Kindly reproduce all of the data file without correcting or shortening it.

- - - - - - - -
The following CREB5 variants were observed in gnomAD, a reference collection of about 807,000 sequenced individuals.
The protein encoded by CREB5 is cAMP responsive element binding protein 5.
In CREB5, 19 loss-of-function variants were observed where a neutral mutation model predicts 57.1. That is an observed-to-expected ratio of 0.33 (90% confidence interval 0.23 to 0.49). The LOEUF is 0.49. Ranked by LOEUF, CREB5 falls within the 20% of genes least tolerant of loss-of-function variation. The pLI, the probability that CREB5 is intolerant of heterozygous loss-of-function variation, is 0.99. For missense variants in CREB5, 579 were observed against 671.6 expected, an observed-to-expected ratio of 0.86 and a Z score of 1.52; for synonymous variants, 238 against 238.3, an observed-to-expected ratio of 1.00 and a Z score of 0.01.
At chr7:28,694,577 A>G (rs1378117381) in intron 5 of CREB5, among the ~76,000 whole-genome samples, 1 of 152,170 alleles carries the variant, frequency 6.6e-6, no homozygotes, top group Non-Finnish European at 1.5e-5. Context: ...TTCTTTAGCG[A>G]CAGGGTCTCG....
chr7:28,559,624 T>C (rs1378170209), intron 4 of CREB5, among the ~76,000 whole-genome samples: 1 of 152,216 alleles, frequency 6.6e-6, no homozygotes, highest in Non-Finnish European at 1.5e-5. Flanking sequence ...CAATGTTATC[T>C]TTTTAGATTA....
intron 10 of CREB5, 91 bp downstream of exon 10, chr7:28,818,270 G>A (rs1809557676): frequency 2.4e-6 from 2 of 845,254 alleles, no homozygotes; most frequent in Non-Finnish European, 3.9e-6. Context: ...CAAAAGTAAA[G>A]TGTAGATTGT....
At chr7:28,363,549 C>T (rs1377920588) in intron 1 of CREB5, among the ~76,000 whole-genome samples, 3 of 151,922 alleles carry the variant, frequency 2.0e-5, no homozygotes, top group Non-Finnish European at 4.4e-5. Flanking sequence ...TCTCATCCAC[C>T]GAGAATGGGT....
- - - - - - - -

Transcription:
The following CREB5 variants were observed in gnomAD, a reference collection of about 807,000 sequenced individuals.
The protein encoded by CREB5 is cAMP responsive element binding protein 5.
In CREB5, 19 loss-of-function variants were observed where a neutral mutation model predicts 57.1. That is an observed-to-expected ratio of 0.33 (90% confidence interval 0.23 to 0.49). The LOEUF is 0.49. Ranked by LOEUF, CREB5 falls within the 20% of genes least tolerant of loss-of-function variation. The pLI, the probability that CREB5 is intolerant of heterozygous loss-of-function variation, is 0.99. For missense variants in CREB5, 579 were observed against 671.6 expected, an observed-to-expected ratio of 0.86 and a Z score of 1.52; for synonymous variants, 238 against 238.3, an observed-to-expected ratio of 1.00 and a Z score of 0.01.
At chr7:28,694,577 A>G (rs1378117381) in intron 5 of CREB5, among the ~76,000 whole-genome samples, 1 of 152,170 alleles carries the variant, frequency 6.6e-6, no homozygotes, top group Non-Finnish European at 1.5e-5. Context: ...TTCTTTAGCG[A>G]CAGGGTCTCG....
chr7:28,559,624 T>C (rs1378170209), intron 4 of CREB5, among the ~76,000 whole-genome samples: 1 of 152,216 alleles, frequency 6.6e-6, no homozygotes, highest in Non-Finnish European at 1.5e-5. Flanking sequence ...CAATGTTATC[T>C]TTTTAGATTA....
intron 10 of CREB5, 91 bp downstream of exon 10, chr7:28,818,270 G>A (rs1809557676): frequency 2.4e-6 from 2 of 845,254 alleles, no homozygotes; most frequent in Non-Finnish European, 3.9e-6. Context: ...CAAAAGTAAA[G>A]TGTAGATTGT....
At chr7:28,363,549 C>T (rs1377920588) in intron 1 of CREB5, among the ~76,000 whole-genome samples, 3 of 151,922 alleles carry the variant, frequency 2.0e-5, no homozygotes, top group Non-Finnish European at 4.4e-5. Flanking sequence ...TCTCATCCAC[C>T]GAGAATGGGT....